Copyright © 2018 National Flash-Fiction Day, All rights reserved. 

In case you don't know, this year National Flash-Fiction Day will be on 16th June. And, as ever, we have a range of things going on. 
The main launch for the day will once again be in Bristol, where there will be a Flash Walk, two workshops (one by Alison Powell and one by me, Calum Kerr) as well as the traditional reading event in the evening - to launch the new anthology Ripenings (right - available soon) -  and the even more traditional visit to the pub afterwards. And there will also be a very interesting panel discussion on what competition judges are looking out for. So that's one not to miss. More details of all these are on the website.


Other events include a Flash-Fiction Workshop and Reading in Gloucester, a panel on entering writing competitions and submitting to lit Stoke, and the launch of Stephanie Hutton's first novella-in-flash Three Sisters of Stone.

Details are also on the website.

And, as ever. If you have an event we haven't listed, do let us know at

As usual for NFFD, our journal FlashFlood will be opening it's gates for submissions. The blog journal provides a deluge of flash for the Day, and has now received over 409,000 views.

Submissions open at midnight tonight, and then stay open for just 7 days. All the stories will appear on the 16th, available via the blog, or our Facebook and Twitter feeds.

Stay tuned to to find out more.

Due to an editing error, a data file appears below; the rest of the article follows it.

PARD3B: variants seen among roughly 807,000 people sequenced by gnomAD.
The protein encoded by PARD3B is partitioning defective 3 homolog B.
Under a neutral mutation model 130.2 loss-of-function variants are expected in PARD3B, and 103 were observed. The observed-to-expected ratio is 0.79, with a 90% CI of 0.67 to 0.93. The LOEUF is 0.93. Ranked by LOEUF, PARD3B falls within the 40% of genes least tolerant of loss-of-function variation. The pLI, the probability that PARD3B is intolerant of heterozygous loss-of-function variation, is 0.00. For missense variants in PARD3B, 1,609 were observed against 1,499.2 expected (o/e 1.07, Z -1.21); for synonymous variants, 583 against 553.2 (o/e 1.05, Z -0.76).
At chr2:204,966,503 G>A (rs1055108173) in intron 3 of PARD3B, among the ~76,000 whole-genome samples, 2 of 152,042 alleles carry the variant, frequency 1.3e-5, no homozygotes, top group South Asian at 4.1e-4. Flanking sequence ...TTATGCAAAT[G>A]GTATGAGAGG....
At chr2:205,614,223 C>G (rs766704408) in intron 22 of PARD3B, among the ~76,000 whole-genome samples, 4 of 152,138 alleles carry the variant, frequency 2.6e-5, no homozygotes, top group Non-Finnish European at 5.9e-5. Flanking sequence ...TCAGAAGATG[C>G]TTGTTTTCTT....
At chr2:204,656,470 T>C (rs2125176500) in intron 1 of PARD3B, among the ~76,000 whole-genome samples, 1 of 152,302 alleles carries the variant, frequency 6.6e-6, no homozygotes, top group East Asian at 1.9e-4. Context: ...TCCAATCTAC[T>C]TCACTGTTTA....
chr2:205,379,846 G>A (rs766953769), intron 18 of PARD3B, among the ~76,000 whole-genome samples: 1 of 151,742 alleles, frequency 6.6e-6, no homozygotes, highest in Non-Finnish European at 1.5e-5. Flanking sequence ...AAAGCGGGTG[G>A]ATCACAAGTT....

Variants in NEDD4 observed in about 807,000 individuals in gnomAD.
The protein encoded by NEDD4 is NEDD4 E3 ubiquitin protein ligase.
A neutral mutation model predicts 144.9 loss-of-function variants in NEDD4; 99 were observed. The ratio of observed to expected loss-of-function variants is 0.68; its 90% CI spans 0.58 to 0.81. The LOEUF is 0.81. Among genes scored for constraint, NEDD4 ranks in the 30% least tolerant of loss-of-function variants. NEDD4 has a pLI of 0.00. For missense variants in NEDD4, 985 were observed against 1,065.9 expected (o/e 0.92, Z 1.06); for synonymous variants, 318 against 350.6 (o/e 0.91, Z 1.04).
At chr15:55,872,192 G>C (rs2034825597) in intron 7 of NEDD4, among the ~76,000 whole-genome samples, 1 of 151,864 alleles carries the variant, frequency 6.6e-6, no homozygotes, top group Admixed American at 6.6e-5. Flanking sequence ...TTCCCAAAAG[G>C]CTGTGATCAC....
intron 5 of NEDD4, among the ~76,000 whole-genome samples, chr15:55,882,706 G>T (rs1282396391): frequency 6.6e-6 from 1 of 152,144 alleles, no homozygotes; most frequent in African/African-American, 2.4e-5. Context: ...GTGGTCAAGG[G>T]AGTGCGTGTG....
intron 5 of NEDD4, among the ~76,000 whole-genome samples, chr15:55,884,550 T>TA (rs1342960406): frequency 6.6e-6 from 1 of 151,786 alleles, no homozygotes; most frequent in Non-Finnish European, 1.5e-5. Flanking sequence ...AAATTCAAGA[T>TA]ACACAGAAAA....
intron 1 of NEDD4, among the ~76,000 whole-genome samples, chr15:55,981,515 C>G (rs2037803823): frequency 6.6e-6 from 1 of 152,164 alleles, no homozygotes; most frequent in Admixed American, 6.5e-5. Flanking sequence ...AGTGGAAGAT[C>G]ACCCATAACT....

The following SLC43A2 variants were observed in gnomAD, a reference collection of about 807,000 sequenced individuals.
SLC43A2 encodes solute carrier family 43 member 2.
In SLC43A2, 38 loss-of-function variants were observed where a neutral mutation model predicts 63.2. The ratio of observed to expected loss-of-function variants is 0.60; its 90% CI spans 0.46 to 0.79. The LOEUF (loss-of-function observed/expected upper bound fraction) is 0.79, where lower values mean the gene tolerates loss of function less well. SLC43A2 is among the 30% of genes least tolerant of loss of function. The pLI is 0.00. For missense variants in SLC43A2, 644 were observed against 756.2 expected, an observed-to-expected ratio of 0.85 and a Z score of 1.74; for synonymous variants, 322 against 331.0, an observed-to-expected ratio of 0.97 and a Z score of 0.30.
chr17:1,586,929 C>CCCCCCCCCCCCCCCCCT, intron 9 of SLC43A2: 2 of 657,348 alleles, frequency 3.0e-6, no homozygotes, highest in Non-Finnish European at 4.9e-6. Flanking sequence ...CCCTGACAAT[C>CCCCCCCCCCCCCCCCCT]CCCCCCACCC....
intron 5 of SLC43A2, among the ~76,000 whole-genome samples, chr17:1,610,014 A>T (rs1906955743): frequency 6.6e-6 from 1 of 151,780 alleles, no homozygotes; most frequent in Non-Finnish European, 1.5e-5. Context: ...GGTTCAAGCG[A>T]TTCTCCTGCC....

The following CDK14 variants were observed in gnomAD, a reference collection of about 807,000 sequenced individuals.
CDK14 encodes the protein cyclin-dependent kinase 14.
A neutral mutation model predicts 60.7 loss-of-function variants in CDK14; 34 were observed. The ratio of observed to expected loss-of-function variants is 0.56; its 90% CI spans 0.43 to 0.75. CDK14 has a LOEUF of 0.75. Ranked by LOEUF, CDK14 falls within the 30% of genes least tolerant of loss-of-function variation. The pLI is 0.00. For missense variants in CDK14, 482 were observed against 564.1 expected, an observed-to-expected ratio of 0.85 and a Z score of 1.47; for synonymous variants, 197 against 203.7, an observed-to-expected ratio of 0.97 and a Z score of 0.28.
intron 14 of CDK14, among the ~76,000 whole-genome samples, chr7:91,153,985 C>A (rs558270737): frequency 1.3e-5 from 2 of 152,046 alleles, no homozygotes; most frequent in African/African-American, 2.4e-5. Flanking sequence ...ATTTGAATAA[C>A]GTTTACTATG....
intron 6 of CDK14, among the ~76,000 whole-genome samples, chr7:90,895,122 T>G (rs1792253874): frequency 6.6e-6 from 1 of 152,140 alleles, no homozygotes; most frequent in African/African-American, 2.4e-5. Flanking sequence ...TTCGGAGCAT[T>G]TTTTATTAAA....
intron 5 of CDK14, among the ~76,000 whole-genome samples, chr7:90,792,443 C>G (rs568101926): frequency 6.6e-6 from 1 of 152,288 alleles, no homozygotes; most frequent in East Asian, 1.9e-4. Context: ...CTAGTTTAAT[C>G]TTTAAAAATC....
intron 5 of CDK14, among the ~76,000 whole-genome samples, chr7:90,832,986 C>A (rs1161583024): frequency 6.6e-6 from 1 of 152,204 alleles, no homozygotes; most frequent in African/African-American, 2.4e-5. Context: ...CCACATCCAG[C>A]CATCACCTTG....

And finally, on a more personal note, I have to announce that this will be my last National Flash-Fiction Day.

I originally set the day up way back in 2012 and could never have imagined how it - and flash-fiction in the UK - would have blossomed. There are now many amazing flash things happening and I am so proud of the part that NFFD has played in it all.

I have been helped across the years by many, many wonderful people - Tim Stevenson, Amy Mackelden, Kevlin Henney, the editors of FlashFlood, and too many others to mention. In the last few years, particularly, Santino Prinzi, has taken over much of the heavy lifting associated with NFFD and deserves all the medals.

For me, though, it's time for me to move on and see what's next. The future of NFFD is currently undecided but we'll let you know as soon as we know what it is. 

So, that's it for now. Be sure to check out the website, the blogs, the social media, and have a great day on the 16th.

Here's to another wonderful National Flash-Fiction Day.

Calum Kerr
Co-Director of National Flash-Fiction Day